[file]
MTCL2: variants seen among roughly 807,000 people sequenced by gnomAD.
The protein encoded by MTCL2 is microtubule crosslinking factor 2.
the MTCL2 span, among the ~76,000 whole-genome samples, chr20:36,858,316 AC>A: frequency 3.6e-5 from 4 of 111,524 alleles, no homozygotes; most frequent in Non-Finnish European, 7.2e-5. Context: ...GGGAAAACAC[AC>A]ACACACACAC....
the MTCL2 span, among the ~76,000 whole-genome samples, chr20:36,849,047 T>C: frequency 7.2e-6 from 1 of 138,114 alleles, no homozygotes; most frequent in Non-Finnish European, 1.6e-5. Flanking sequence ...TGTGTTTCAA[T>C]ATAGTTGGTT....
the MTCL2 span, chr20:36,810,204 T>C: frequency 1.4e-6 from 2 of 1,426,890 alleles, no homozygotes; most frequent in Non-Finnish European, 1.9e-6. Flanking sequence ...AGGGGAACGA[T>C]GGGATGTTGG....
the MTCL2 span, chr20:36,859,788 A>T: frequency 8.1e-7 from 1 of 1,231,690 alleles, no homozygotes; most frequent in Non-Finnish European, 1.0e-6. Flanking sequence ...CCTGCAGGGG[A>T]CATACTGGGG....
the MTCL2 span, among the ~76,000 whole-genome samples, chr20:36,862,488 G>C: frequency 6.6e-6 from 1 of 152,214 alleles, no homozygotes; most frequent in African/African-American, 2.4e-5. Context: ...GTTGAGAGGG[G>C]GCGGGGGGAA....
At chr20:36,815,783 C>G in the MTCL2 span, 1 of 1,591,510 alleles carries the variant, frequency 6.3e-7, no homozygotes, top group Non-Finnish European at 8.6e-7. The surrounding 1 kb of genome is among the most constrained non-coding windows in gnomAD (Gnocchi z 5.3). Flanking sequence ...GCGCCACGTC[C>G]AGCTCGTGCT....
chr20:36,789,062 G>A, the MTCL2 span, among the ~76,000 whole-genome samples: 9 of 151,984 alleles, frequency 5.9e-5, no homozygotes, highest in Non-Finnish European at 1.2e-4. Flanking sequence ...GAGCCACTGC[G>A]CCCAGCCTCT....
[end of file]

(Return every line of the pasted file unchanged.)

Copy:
MTCL2: variants seen among roughly 807,000 people sequenced by gnomAD.
The protein encoded by MTCL2 is microtubule crosslinking factor 2.
the MTCL2 span, among the ~76,000 whole-genome samples, chr20:36,858,316 AC>A: frequency 3.6e-5 from 4 of 111,524 alleles, no homozygotes; most frequent in Non-Finnish European, 7.2e-5. Context: ...GGGAAAACAC[AC>A]ACACACACAC....
the MTCL2 span, among the ~76,000 whole-genome samples, chr20:36,849,047 T>C: frequency 7.2e-6 from 1 of 138,114 alleles, no homozygotes; most frequent in Non-Finnish European, 1.6e-5. Flanking sequence ...TGTGTTTCAA[T>C]ATAGTTGGTT....
the MTCL2 span, chr20:36,810,204 T>C: frequency 1.4e-6 from 2 of 1,426,890 alleles, no homozygotes; most frequent in Non-Finnish European, 1.9e-6. Flanking sequence ...AGGGGAACGA[T>C]GGGATGTTGG....
the MTCL2 span, chr20:36,859,788 A>T: frequency 8.1e-7 from 1 of 1,231,690 alleles, no homozygotes; most frequent in Non-Finnish European, 1.0e-6. Flanking sequence ...CCTGCAGGGG[A>T]CATACTGGGG....
the MTCL2 span, among the ~76,000 whole-genome samples, chr20:36,862,488 G>C: frequency 6.6e-6 from 1 of 152,214 alleles, no homozygotes; most frequent in African/African-American, 2.4e-5. Context: ...GTTGAGAGGG[G>C]GCGGGGGGAA....
At chr20:36,815,783 C>G in the MTCL2 span, 1 of 1,591,510 alleles carries the variant, frequency 6.3e-7, no homozygotes, top group Non-Finnish European at 8.6e-7. The surrounding 1 kb of genome is among the most constrained non-coding windows in gnomAD (Gnocchi z 5.3). Flanking sequence ...GCGCCACGTC[C>G]AGCTCGTGCT....
chr20:36,789,062 G>A, the MTCL2 span, among the ~76,000 whole-genome samples: 9 of 151,984 alleles, frequency 5.9e-5, no homozygotes, highest in Non-Finnish European at 1.2e-4. Flanking sequence ...GAGCCACTGC[G>A]CCCAGCCTCT....